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Oregon plans to test all residents, staff at long-term care facilities for COVID-19

Care centers have been hot spots for coronavirus outbreaks and largely affect people who are most vulnerable to severe complications from the virus.
Credit: AP Photo/John Minchillo
A laboratory technician prepares COVID-19 patient samples for semi-automatic testing at Northwell Health Labs, Wednesday, March 11, 2020, in Lake Success, N.Y. The U.S. Food and Drug Administration has approved faster testing protocols as the viral outbreak continues to spread worldwide. For most people, the new coronavirus causes only mild or moderate symptoms. For some it can cause more severe illness. (AP Photo/John Minchillo)

PORTLAND, Ore. — Every resident and staff member at long-term care facilities across Oregon will be tested for COVID-19, Gov. Kate Brown announced Tuesday night.

Care centers in Oregon have been hot spots for coronavirus outbreaks and largely affect people who are most vulnerable to severe complications from the virus. Nursing facilities account for about 50% of the outbreaks at long-term care facilities in Oregon despite representing less than 20% of the total number of facilities, according to Gov. Brown’s office.

On Sunday, a care center in Canby reported three staff members and 31 residents tested positive for COVID-19. In Southeast Portland, more than 100 people associated with Healthcare at Foster Creek tested positive for COVID-19, including 30 people who died. Several families have filed a wrongful death lawsuit against the nursing home. The facility was shut down in May.

Gov. Brown’s office said testing will start at care centers at the highest risk of having an outbreak. Most of those facilities are in Multnomah, Washington, Clackamas, Yamhill, Marion and Polk counties, according to the governor’s office. There are currently 16 long-term care facilities reporting COVID-19 cases involving residents or staff. That’s down from a recent peak of 27 care centers, Gov. Brown’s office said.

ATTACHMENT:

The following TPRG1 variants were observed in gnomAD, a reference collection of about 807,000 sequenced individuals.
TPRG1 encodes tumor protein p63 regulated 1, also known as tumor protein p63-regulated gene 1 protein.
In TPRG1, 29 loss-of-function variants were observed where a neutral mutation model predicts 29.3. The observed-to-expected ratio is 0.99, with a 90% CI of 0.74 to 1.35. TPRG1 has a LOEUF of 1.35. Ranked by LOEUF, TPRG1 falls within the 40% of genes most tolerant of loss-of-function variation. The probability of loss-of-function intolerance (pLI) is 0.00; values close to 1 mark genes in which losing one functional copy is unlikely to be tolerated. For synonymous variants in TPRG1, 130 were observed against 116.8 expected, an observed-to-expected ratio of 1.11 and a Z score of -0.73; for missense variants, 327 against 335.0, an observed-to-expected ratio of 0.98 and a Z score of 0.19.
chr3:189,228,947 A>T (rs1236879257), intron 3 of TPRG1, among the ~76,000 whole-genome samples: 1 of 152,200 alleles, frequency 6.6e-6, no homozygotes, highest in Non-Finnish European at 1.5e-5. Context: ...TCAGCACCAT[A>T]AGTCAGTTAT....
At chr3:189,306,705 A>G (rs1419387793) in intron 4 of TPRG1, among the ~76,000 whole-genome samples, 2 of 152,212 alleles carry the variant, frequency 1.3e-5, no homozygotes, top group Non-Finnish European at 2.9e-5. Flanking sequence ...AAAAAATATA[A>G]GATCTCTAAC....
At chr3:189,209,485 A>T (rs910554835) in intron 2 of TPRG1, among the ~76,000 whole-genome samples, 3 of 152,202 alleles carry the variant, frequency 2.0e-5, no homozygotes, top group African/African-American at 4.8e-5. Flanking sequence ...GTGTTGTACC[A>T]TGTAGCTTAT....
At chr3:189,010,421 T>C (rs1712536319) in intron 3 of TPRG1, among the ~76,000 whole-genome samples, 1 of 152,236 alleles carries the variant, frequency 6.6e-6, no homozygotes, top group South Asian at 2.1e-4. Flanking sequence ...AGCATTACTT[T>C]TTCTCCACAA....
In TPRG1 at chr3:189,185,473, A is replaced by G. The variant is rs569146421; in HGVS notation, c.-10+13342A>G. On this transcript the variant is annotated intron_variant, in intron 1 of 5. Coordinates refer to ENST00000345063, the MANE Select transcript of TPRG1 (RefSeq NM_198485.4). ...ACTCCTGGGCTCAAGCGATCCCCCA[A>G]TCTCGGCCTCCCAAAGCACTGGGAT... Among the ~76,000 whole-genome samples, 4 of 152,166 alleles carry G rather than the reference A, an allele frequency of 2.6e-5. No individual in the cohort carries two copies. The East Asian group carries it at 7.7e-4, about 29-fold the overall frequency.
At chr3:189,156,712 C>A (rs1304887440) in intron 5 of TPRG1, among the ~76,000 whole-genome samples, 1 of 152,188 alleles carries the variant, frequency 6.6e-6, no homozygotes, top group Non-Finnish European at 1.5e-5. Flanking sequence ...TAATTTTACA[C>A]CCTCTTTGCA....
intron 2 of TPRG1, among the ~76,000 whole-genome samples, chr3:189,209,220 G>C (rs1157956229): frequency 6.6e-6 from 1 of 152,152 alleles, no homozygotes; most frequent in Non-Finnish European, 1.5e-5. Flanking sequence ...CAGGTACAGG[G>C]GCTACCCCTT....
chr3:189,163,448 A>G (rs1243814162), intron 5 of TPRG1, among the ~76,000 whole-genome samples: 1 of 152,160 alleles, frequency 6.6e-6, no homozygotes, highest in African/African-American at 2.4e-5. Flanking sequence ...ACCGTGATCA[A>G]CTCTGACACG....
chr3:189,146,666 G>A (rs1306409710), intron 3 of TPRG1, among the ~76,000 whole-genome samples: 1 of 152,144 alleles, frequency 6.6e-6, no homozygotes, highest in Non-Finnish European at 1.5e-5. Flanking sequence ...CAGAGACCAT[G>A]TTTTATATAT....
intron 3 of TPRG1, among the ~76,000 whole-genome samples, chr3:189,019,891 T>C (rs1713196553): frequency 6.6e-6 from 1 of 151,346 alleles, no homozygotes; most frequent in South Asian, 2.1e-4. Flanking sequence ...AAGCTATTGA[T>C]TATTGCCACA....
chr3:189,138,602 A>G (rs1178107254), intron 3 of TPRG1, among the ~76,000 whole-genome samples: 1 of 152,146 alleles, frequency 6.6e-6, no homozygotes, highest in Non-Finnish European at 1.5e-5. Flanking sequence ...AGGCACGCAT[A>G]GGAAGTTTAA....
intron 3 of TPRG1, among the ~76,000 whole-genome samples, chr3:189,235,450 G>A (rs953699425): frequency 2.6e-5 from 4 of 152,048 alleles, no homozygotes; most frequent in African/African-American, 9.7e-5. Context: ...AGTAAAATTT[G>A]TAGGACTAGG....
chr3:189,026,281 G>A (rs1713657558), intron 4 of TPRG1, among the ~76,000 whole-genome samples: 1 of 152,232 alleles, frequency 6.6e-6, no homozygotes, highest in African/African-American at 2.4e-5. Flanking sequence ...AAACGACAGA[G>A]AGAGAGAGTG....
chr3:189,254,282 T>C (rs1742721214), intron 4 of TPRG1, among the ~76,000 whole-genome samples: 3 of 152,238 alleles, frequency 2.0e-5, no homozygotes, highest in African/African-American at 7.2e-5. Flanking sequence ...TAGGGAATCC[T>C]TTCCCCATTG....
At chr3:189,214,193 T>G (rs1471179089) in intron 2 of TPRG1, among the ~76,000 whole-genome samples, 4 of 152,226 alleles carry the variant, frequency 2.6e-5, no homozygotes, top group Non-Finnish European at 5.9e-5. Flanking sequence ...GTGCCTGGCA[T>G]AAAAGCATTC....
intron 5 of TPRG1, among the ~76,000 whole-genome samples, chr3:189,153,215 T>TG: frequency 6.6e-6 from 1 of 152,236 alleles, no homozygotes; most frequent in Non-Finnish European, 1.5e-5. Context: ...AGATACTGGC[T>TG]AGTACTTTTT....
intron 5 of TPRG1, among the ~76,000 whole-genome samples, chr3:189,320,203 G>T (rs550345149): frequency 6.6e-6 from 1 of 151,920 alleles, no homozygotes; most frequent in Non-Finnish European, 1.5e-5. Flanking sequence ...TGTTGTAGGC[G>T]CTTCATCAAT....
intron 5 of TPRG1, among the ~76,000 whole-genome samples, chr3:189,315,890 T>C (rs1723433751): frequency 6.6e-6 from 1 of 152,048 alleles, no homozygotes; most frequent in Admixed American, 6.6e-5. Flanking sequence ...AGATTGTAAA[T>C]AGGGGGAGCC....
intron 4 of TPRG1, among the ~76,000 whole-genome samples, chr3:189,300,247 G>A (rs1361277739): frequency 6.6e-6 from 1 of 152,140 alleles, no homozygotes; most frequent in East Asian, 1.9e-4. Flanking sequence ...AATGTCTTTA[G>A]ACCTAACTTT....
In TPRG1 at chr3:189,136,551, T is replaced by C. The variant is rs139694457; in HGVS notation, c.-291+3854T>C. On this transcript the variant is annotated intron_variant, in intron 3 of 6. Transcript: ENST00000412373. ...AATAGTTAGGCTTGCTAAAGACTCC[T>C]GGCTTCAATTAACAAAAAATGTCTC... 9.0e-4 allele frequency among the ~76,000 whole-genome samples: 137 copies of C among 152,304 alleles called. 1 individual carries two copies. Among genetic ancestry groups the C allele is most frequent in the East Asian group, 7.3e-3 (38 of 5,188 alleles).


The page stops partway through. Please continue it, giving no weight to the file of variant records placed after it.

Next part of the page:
More details about the state’s plan will be released later this week.

In addition to testing, public health officials plan to help long-term care facilities implement the following recommended practices for monitoring COVID-19:

  • Conducting active daily screenings for fever and COVID-like symptoms for all residents and staff, providing testing for any residents or staff with even mild symptoms. Residents who test positive should be isolated.
  • Providing testing for all staff every month on a staggered weekly basis, with the goal of having 25% of all staff tested each week over the course of the month.
  • Providing testing for all residents and staff if there is a single new confirmed or suspected resident case or a confirmed staff case, and retesting weekly until at least 14 days pass without a new positive result. Residents who test positive and are symptomatic should be isolated.
  • Testing all new residents prior to admission or readmission, including transfers from hospitals or other health care facilities. Even new residents who test negative should be quarantined for 14 days.

Visits to Oregon care centers have been restricted since mid-March.

“Expanding testing is an essential first step that will allow us to examine how visitation policies can be safely and incrementally eased,” Gov. Brown said.

RELATED: Canby long-term care facility reports 34 cases in COVID-19 outbreak

RELATED: Public health expert not surprised by Oregon's recent spike in COVID-19 cases

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